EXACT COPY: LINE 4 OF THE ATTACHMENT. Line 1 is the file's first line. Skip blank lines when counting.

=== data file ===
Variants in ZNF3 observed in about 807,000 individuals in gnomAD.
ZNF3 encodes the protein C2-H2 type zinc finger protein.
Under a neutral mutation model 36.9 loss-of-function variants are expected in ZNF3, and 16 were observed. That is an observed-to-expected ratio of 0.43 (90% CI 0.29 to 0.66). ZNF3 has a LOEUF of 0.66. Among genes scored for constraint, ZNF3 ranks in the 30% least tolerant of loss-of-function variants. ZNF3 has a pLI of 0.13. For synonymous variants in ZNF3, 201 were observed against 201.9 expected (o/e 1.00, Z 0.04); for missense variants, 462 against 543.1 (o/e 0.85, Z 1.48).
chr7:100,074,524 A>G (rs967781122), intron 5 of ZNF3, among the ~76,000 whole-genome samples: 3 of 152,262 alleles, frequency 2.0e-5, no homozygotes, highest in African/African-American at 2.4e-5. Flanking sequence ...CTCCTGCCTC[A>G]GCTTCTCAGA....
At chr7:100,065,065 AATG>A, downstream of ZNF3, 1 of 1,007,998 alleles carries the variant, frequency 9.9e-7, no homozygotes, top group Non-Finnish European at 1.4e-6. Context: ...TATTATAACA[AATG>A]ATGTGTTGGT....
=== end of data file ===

chr7:100,074,524 A>G (rs967781122), intron 5 of ZNF3, among the ~76,000 whole-genome samples: 3 of 152,262 alleles, frequency 2.0e-5, no homozygotes, highest in African/African-American at 2.4e-5. Flanking sequence ...CTCCTGCCTC[A>G]GCTTCTCAGA....